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Installing POF in the home is very fast and simple but, like other communication installations, it should be verified. The typical way to confirm that the installation is working is to check the link LED indicators. But this provides no indication of how well or how badly the POF link is working. It makes a difference because optical communication suffers attenuations from the fiber length, bending, a bad cut or bad insertion. An installation working close to the sensitivity limit may fail in the future due to small extra attenuations (aging, thermal changes, equipment is hit, etc.)

In order to ensure that the installation has been done properly and is operating with a sufficient margin, checking the link quality is recommended. This video demonstrates the KDPOF debugging tool. It allows monitoring of the POF links in an installation where a KDPOF daisy-chain outlet is used. The monitor application will give information about the outlet ID, operating time, connected ports speed and, of course, the link margin of the optical ports.

List of materials used in the video:

  • 2x POF media converters + PSUs
  • 1x POF daisy chain outlet + PSU
  • POF cable
  • 2x laptop
  • 1x STB
  • 3x UTP cable
  • KDPOF monitoring tool
Demo: World’s First 50 Gb/s Automotive-grade Optical Network
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KDPOF proudly displayed the world’s first demonstration of an automotive-grade optical transmission system with 50 gigabits per second single lane at the Automotive Ethernet Congress in February 2020 in Munich, Germany. In-vehicle networks are on the brink of speeds from one to multiple gigabits per second. With the approval of the IEEE 802.3 working group, a team of individuals affiliated with more than 15 key carmakers and components suppliers, including KDPOF, has started the standardization of an IEEE 802.3 Automotive Optical Multi-Gigabit Standard with strong support from the industry. The study group evaluates the creation of an IEEE Ethernet standard for the automotive industry, with speeds starting at 2.5 Gb/s, going up to 25 or 50 Gb/s, and scalable up to 100 Gb/s. The key advantages of the optical solution for specific applications using multi-gigabit speeds with in-vehicle connectivity are, among others, Electromagnetic Compatibility (EMC) thanks to the inherent galvanic isolation, low weight, and low cost.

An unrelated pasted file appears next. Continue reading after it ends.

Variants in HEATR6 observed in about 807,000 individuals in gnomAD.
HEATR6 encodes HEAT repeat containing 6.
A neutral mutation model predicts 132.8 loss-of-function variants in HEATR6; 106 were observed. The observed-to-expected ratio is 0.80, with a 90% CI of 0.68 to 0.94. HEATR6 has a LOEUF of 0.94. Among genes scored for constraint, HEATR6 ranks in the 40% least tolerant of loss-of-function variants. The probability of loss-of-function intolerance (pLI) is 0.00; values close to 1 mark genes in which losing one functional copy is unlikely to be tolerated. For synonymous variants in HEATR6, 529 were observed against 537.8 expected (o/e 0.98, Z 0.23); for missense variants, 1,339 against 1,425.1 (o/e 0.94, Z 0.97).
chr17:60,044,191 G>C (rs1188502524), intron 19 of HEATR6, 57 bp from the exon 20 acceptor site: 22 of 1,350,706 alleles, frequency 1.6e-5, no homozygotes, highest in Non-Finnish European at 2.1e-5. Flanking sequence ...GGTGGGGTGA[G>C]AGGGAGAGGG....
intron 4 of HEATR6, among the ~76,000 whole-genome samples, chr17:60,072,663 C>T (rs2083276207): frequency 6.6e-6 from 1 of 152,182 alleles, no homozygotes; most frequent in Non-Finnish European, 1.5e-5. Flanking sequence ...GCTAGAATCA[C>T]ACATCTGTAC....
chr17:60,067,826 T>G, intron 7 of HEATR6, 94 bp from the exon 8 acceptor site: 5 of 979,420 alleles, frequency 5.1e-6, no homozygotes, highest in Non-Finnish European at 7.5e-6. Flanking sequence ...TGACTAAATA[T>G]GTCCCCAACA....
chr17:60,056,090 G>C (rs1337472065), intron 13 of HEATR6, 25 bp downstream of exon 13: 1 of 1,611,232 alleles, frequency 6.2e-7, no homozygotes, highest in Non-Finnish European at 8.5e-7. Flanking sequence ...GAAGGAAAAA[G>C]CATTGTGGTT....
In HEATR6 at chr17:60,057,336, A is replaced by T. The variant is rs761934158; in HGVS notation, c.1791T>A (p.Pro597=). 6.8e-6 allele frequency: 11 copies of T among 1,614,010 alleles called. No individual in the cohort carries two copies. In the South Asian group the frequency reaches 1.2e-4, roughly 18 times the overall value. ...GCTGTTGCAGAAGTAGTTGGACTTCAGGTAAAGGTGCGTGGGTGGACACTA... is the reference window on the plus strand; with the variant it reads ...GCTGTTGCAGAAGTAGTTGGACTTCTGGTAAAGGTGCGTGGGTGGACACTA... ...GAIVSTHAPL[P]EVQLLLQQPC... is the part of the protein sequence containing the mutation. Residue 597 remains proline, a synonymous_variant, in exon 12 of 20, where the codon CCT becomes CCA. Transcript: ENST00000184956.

Optical Multi-Gigabit Ethernet on the Verge of Standardization and Implementation (part 3)
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Carlos Pardo, KDPOF CEO, speaking about Optical Multi-Gigabit Ethernet on the Verge of Standardization and Implementation at the Automotive Ethernet Congress in February 2020 in Munich, Germany. With the approval of the IEEE 802.3 working group, a team of individuals affiliated with more than 15 key carmakers and components suppliers, including KDPOF, has started the standardization of an IEEE 802.3 Automotive Optical Multi-Gigabit Standard with strong support from the industry. The key advantages of the optical solution for specific applications using multi-gigabit speeds with in-vehicle connectivity are, among others, Electromagnetic Compatibility (EMC) thanks to the inherent galvanic isolation, low weight, and low cost.

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Carlos Pardo, KDPOF CEO, speaking about Optical Multi-Gigabit Ethernet on the Verge of Standardization and Implementation at the Automotive Ethernet Congress in February 2020 in Munich, Germany. In-vehicle networks are on the brink of speeds from one to multiple gigabits per second. With the approval of the IEEE 802.3 working group, a team of individuals affiliated with more than 15 key carmakers and components suppliers, including KDPOF, has started the standardization of an IEEE 802.3 Automotive Optical Multi-Gigabit Standard with strong support from the industry. The study group evaluates the creation of an IEEE Ethernet standard for the automotive industry, with speeds starting at 2.5 Gb/s, going up to 25 or 50 Gb/s, and scalable up to 100 Gb/s. 

Optical Multi-Gigabit Ethernet on the Verge of Standardization and Implementation (part 1)
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Carlos Pardo, KDPOF CEO, speaking about Optical Multi-Gigabit Ethernet on the Verge of Standardization and Implementation at the Automotive Ethernet Congress in February 2020 in Munich, Germany. The key advantages of the optical solution for specific applications using multi-gigabit speeds with in-vehicle connectivity are, among others, Electromagnetic Compatibility (EMC) thanks to the inherent galvanic isolation, low weight, and low cost.